Civilization is fragile. Its continuance requires respect for the law, tough-minded education, collective thrift, private investment, individual self-reliance, and common codes of behavior and civility -- and exempts no one from those rules. Such knowledge and patterns of civilized behavior, slowly accrued over centuries, can be lost in a single generation.
OZYMANDIAS by Percy Bysshe ShelleyI MET a Traveler from an antique land,Who said, “Two vast and trunkless legs of stoneStand in the desert. Near them, on the sand,Half sunk, a shattered visage lies, whose frown,And wrinkled lip, and sneer of cold command,Tell that its sculptor well those passions read,Which yet survive, stamped on these lifeless things,The hand that mocked them and the heart that fed:And on the pedestal these words appear:“My name is OZYMANDIAS, King of Kings.Look on my works ye Mighty, and despair!"No thing beside remains. Round the decayOf that Colossal Wreck, boundless and bare,The lone and level sands stretch far away.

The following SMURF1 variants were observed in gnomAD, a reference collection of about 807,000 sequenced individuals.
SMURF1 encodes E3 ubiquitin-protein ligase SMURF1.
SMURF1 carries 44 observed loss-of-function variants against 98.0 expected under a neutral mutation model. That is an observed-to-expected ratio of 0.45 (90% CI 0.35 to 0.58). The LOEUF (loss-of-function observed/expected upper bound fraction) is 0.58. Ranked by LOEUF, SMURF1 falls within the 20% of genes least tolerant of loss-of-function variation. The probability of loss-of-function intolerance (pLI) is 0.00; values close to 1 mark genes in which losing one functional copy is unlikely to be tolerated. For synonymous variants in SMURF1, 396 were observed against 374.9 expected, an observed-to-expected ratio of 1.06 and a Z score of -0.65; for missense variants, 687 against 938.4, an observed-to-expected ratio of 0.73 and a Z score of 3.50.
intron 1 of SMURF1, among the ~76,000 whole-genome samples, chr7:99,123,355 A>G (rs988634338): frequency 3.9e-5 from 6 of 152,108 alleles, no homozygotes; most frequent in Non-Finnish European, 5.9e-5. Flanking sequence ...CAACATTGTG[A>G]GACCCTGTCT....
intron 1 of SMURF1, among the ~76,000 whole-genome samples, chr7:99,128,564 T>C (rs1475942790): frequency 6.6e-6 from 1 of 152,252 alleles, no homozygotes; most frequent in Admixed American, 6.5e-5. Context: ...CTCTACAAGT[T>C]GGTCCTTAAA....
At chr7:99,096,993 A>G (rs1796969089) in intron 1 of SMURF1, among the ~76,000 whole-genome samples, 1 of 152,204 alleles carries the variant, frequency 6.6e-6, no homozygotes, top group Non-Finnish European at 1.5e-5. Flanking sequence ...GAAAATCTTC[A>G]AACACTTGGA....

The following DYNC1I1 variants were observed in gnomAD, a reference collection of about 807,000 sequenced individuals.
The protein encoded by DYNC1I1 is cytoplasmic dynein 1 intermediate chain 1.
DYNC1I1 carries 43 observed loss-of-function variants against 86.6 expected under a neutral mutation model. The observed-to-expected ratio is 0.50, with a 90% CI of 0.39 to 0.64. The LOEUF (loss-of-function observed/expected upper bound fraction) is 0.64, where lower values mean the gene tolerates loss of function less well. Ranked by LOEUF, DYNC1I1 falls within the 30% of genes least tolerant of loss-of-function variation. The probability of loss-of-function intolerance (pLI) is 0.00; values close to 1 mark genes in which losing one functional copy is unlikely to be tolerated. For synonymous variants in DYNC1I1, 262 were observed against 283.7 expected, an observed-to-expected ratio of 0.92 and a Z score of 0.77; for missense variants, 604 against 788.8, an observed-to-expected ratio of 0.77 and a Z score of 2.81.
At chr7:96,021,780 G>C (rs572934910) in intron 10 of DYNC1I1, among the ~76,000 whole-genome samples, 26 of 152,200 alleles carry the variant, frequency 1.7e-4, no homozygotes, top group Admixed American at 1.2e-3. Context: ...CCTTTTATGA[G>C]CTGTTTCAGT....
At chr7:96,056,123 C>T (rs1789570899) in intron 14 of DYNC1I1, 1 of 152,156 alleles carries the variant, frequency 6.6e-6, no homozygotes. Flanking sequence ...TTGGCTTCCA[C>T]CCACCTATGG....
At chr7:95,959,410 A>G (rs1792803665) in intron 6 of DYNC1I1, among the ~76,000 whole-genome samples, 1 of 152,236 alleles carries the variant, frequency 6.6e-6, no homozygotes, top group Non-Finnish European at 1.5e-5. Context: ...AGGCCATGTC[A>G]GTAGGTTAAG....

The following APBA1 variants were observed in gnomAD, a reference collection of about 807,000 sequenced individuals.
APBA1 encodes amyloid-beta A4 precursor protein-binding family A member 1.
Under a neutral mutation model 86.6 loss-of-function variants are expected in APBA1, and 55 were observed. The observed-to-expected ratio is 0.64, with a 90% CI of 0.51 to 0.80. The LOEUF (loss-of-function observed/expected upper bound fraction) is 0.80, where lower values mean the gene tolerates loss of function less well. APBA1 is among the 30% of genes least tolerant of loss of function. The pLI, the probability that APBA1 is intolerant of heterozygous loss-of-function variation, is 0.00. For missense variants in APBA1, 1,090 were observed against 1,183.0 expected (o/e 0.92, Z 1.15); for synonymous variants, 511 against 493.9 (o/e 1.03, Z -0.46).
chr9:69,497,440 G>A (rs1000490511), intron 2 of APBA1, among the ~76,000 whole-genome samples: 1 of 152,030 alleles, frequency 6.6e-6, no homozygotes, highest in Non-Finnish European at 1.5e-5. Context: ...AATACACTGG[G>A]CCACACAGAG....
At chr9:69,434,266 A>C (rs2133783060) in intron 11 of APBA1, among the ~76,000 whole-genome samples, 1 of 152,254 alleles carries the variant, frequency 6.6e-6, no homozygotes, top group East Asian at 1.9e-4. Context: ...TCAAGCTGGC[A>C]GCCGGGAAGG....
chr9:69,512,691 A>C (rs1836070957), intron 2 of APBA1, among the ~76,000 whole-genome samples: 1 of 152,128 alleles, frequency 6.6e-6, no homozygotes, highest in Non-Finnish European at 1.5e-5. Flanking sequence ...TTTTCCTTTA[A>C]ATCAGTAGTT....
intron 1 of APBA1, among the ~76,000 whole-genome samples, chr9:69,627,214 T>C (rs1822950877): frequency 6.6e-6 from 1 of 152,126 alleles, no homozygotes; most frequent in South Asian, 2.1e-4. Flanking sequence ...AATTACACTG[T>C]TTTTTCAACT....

And, on a related note, "Why U.S. Gun Sales Are Shooting For The Moon."